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What we learned about civic hacking at this month’s Delaware Tech Meetup

The 45 people in attendance had the opportunity to be a part of a new civic undertaking in Delaware.

Dawn McDougall speaks with state employee Dana Garber about open data at 1313 Innovation. (Photo by Tony Abraham)

This month’s Delaware Tech Meetup had a specific objective in mind: engage the community in a dialogue surrounding civic hacking and open data.
Roughly 45 local technologists, entrepreneurs, innovators and community leaders gathered at 1313 Innovation, which hosted this Meetup in collaboration with Start It Up Delaware. As if that weren’t enough, a handful of representatives from Delaware state government made an appearance to get a gauge on the community’s needs.
“There’s a huge interest at the state to be able to do more with open data,” said Dana Garber of the Delaware Secretary of State’s office. “We want to know from you guys what kind of datasets you’d be looking for and what problems you’d want to be working on.”
After an adequate amount of beers and pizza pies were tossed back, Code for Philly co-organizer Dawn McDougall supplied the community with a thorough introduction to civic hacking in her keynote.
First, getting everyone over the notion that they need to be programming and design-fluent to hack. “I’m not a technologist — I’m tech adjacent,” McDougall said. “I want you as a technologist telling me what I can be working on — give me data, give me problems.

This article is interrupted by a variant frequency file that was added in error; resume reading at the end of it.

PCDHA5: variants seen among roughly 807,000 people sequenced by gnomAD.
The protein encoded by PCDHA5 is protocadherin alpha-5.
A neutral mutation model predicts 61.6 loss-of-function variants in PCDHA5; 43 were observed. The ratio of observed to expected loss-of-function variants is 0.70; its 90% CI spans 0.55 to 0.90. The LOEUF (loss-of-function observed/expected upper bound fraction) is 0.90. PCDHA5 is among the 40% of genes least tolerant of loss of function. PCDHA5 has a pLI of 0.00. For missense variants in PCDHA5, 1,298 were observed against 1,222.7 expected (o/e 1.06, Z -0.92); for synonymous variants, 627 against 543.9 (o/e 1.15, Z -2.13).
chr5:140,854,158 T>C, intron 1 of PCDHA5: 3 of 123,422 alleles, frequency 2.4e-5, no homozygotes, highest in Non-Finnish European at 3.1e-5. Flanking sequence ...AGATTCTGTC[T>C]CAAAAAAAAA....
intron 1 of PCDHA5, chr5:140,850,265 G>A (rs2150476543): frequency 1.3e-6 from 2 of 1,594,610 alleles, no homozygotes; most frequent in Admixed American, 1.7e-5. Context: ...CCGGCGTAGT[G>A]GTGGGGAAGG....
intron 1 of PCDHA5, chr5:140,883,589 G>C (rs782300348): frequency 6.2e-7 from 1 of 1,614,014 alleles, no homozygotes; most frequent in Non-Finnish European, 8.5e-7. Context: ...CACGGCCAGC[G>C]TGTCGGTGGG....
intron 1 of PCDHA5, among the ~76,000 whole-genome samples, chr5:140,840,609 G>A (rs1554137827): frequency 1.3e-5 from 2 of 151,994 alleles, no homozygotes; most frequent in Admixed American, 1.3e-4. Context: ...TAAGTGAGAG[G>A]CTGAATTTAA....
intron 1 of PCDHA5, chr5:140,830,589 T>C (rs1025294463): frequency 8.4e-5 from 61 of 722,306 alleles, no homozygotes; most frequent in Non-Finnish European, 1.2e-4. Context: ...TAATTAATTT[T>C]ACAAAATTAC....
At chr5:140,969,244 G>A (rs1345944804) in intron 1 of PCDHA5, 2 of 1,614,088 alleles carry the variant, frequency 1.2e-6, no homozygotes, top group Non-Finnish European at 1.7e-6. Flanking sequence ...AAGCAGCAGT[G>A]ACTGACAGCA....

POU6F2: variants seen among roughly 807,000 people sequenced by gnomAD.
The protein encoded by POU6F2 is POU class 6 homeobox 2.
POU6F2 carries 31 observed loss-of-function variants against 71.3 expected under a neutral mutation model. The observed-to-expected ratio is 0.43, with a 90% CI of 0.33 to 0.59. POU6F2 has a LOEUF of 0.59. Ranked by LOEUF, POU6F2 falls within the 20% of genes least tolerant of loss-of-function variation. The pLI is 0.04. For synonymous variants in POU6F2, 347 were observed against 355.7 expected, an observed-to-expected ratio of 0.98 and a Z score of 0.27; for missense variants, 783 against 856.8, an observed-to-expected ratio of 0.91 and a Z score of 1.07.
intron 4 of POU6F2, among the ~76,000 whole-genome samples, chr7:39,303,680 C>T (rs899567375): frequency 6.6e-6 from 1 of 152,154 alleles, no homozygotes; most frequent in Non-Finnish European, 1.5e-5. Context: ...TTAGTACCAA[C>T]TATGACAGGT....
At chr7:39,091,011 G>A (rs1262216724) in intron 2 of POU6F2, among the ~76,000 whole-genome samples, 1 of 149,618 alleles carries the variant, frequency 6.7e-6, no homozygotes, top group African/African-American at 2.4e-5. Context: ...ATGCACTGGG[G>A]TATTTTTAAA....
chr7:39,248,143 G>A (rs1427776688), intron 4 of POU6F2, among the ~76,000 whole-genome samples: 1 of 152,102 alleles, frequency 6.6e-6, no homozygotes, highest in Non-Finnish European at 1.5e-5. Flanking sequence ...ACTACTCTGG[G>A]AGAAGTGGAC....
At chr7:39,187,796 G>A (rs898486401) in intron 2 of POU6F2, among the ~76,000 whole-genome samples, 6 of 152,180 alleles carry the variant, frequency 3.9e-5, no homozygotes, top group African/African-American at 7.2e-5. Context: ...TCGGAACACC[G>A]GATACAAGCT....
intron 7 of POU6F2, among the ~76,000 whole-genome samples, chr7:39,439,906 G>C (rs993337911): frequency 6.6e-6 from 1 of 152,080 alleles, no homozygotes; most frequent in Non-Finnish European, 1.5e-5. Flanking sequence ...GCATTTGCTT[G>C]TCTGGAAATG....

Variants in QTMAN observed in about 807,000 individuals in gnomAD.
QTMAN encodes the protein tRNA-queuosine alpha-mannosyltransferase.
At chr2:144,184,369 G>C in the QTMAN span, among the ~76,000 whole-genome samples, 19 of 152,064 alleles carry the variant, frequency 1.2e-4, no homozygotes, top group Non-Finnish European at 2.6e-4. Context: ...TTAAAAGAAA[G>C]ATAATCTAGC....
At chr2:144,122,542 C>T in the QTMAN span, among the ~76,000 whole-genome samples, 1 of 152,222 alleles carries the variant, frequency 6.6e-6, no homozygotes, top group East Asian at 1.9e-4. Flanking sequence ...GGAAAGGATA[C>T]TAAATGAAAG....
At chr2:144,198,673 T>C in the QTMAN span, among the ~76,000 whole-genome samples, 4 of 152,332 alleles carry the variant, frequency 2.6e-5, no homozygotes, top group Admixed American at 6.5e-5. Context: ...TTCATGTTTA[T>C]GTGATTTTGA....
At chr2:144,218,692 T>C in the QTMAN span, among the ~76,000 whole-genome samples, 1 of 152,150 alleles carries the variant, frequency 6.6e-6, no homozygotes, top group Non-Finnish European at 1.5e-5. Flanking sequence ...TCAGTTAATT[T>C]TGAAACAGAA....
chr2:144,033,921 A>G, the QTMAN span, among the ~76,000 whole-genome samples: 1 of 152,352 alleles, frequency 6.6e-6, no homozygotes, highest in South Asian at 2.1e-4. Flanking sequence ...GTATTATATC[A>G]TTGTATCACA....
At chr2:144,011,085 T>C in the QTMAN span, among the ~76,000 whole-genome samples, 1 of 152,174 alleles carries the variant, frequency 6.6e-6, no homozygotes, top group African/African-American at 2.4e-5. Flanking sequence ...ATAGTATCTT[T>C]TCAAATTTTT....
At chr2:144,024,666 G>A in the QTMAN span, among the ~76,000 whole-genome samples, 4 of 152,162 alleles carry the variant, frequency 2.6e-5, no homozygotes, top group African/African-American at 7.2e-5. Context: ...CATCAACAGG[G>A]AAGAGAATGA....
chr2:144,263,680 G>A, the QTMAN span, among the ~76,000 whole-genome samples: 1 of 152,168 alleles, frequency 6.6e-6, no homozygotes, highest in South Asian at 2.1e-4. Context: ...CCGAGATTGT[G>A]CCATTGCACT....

“Think about this idea of operating in a civic space and what that means,” she continued. “It’s about creating an atmosphere of civic engagement — that we’re all in this together, that we have a shared collective will towards making the wold a better place. That starts with our cities and urban government.”
Next, the size of the community. Philadelphia’s got a healthy civic hacking scene, but Philadelphia is also a major national city with a robust tech community. Delaware’s communities are spread out — Wilmington, Newark and even more so in municipalities in Sussex County. But these communities are also much smaller compared to those in Philadelphia and Chicago.
“Each city faces a different challenge,” McDougall said, referencing Code for Princeton, a small, emerging brigade that’s looking to Code for Philly for brotherly guidance.
While it might take some time for Delaware to build a community of people who are passionate about civic engagement and technology, the state also needs to diversify the kinds of datasets published on its portal.
“Government and cities collect so much information, they don’t know where to start half the time,” said McDougall. “You’re government is chomping at the bit to hear what you have to say and values what you think. Take advantage of possibly a very unique time in life.”
The state and its municipalities can get a head start on by doing exactly what Garber, the Secretary of State staffer, did last week — she came out to a tech event and engaged the local community navigating their interests and even promoting state interest in supporting economic development projects.
According to Twitter, it would appear the topic resonated with attendees, some of whom are currently organizing a meeting on June 4 to talk about state datasets.

Now, we just need a hackathon.

Companies: 1313 Innovation / Start It Up Delaware

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